Along with colleagues from Siemens, Thomas Powers made his way to Washington, DC, this year for the Hearing on the Hill lobbying push for the much-talked-about proposed $500 hearing aid tax credit. While the spotlight has shifted from the tax credit due to contentious health care reform legislation, Powers is convinced the credit will soon re-emerge. “In some form or fashion, we’ll see it again,” says Powers. “The tax credit could be folded into health care reform. We will have to wait and see.”
Ruzicka points out that there is no general government support and no reimbursement for hearing aids. Also, today’s technology has changed dramatically from what was available just 5 to 7 years ago. With these variables in play, he agrees that the tax credit remains the most logical initiative for the industry to support. “We are hoping the tax credit can be included in either health care reform or tax reform,” adds Ruzicka. “The credit would help stimulate the business to some degree, as well as provide awareness that we do not get any type of support today.”
Will the credit become a reality? “I think generally it is an unknown because to understand the movement of Washington is difficult,” laments Ruzicka. “We have the tax credit bill in front of the right people. Now does that mean we are going to have success? It is just something that we have to constantly work on, and like a lot of things that get introduced in Congress, we must wait for the right opportunity and the right time.”
If he could wave a magic wand and get hearing aids covered by Medicare, Ruzicka is careful to point out the drawbacks, instead preferring the credit as the right option. “Would I want hearing aids covered by Medicare? Not really,” says Ruzicka. “We want to maintain consumer choice, and I don’t think we are really looking for government to pay for it. It is odd that if you buy glasses, you can get a tax credit for them. However, you do not have that same opportunity with hearing.”
Coming into the year, Peer Lauritsen believed that a new administration could stall some of the tax credit’s progress, but so far he says that has not been the case. “It is moving forward, and this is due to the members of the industry associations,” enthuses Lauritsen. “And we look forward to making the tax credit a reality.”
As an active member of the International Safety Equipment Association, Bessette and her colleagues at Howard Leight/Sperian support legislation and regulations that protect people at work. “We support the new proposed change to the noise reduction rating where it goes from a fixed number to a range,” explains Bessette. “In fact, we were at the Environmental Protection Agency hearing last week, and we support lowering the noise action level from 85 to 80. It’s the smart thing to do, and we can do a better job of protecting occupational hearing loss.”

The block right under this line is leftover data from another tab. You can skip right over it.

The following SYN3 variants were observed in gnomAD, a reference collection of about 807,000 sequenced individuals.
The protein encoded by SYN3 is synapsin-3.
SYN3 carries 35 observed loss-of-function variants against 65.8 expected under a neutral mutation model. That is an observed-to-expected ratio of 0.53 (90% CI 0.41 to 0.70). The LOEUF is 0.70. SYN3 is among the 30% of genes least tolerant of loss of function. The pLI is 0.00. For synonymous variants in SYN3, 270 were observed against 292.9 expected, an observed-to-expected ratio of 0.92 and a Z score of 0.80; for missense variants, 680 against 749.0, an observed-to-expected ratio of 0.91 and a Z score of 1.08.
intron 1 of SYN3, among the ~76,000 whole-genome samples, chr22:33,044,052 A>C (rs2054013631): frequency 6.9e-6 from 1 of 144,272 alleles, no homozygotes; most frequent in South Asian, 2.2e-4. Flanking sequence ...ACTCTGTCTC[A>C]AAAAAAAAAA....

Greg Thompson is a contributing writer to Hearing Review Products. For more information, contact Will Campbell at [email protected]
Brave Inner World
Experts agree that the next frontier is direct scanning of the ear, a technological feat that would eliminate the gooey mess once and for all. “Direct scanning of the ear would eliminate the impression and put a lot more science, and a little less art, into the process,” said Thomas Powers, PhD, vice president, audiology and compliance at Siemens, Piscataway, NJ, at the start of 2009. “But that is a small space to actually create a 3-dimensional model using some kind of scanning, ultrasound, or infrared. I’m sure a lot of us are working on that in the industry. I would say it is possibly 1 to 2 years away.”
Scott Witt, director of engineering at Phonak, Warrenville, Ill, reports that techno wizards from outside the industry are making significant progress on in-ear scanning, a process that some view as the “holy grail” of ear mold specification measurement. “There is a group out of the Massachusetts Institute of Technology (MIT), and they have something,” reports Witt. “It is patented technology, and they are looking for potential applications for in-ear scanning. It will probably not happen in the next 6 months, but maybe in 2011 or so, there is a chance for an in-office device coming out.”
A mid-year article in Technology Review, published by MIT, confirms that the new digital scanning technique “uses the absorption and emission spectra of light to capture a very accurate 3-D picture of the inner ear.” Technology Review reveals that the approach, created by a mechanical-engineering professor at MIT, was developed “completely by accident while experimenting with emission reabsorption laser induced fluorescence (ERLIF) as a way to measure the film thickness of engine oils, in order to understand oil consumption and engine wear.”